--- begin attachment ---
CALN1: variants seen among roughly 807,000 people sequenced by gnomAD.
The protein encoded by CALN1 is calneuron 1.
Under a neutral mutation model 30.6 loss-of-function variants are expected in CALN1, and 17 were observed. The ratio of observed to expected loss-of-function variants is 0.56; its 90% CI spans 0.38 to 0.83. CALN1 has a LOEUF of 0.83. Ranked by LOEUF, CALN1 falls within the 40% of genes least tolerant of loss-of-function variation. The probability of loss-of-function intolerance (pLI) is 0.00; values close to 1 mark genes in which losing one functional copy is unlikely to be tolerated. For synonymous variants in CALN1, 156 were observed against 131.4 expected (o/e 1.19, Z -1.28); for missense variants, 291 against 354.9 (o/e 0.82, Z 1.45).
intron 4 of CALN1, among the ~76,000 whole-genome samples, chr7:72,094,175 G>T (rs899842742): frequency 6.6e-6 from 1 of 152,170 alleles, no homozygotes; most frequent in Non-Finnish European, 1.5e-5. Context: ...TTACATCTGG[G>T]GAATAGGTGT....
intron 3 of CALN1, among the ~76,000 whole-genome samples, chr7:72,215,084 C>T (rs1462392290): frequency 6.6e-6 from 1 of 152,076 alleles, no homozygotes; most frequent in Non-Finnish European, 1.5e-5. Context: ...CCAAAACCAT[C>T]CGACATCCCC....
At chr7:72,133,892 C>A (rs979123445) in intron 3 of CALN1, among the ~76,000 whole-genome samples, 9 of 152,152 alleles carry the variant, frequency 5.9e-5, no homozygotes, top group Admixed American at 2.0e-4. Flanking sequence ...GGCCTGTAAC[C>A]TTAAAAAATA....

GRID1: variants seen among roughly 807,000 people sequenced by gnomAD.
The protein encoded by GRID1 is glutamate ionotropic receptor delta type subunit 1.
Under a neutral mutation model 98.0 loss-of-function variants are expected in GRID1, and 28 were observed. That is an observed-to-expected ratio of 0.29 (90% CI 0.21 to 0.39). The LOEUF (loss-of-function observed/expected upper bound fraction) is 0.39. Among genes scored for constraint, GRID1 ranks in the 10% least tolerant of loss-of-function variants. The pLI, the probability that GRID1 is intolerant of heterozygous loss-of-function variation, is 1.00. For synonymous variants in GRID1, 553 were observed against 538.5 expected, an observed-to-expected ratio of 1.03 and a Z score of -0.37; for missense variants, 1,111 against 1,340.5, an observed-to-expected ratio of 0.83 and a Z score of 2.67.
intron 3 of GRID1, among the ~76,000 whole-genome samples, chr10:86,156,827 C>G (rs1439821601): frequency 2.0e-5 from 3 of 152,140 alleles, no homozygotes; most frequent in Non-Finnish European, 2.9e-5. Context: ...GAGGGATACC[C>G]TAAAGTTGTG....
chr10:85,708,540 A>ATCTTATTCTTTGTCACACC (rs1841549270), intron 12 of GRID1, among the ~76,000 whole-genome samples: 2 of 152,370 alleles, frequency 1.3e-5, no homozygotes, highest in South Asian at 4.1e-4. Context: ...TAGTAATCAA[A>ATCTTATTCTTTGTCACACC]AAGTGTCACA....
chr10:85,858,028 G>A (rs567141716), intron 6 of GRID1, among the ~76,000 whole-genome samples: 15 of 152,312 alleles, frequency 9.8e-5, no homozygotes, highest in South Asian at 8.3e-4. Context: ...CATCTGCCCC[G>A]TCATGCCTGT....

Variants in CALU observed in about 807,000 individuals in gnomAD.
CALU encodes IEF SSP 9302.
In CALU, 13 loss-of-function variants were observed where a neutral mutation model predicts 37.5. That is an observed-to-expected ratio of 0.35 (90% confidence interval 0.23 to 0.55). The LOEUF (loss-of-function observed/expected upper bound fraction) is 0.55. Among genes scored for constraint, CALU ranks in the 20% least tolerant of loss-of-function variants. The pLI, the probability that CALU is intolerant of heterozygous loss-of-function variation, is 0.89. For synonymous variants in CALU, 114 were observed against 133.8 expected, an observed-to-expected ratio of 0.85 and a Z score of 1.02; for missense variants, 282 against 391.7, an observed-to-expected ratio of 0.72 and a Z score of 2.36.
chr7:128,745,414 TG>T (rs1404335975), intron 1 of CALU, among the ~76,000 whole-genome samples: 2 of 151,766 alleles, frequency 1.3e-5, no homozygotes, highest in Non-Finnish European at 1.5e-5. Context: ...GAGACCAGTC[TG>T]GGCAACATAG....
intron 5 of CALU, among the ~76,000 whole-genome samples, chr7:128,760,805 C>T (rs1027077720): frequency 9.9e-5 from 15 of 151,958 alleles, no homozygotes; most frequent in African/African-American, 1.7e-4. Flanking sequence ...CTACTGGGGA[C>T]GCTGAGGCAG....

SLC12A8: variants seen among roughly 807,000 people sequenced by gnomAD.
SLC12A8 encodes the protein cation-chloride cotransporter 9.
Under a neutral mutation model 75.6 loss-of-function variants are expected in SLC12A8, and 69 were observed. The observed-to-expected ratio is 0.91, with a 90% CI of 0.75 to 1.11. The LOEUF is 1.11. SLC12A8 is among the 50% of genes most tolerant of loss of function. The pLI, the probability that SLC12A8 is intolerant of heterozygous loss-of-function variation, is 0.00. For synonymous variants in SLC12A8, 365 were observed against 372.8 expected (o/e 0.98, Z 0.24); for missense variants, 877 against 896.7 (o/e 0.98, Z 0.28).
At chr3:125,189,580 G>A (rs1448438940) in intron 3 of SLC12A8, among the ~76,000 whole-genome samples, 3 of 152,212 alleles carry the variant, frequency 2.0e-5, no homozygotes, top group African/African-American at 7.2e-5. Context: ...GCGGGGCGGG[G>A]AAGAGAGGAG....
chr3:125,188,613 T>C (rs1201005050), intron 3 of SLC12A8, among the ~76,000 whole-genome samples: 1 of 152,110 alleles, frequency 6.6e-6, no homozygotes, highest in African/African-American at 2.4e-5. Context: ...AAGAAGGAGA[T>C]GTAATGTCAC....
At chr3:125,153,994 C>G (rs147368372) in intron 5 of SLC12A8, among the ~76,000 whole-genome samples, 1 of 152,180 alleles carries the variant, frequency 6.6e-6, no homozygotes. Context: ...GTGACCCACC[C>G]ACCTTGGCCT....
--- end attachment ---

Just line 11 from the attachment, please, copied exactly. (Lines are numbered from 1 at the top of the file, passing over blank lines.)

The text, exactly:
chr10:85,708,540 A>ATCTTATTCTTTGTCACACC (rs1841549270), intron 12 of GRID1, among the ~76,000 whole-genome samples: 2 of 152,370 alleles, frequency 1.3e-5, no homozygotes, highest in South Asian at 4.1e-4. Context: ...TAGTAATCAA[A>ATCTTATTCTTTGTCACACC]AAGTGTCACA....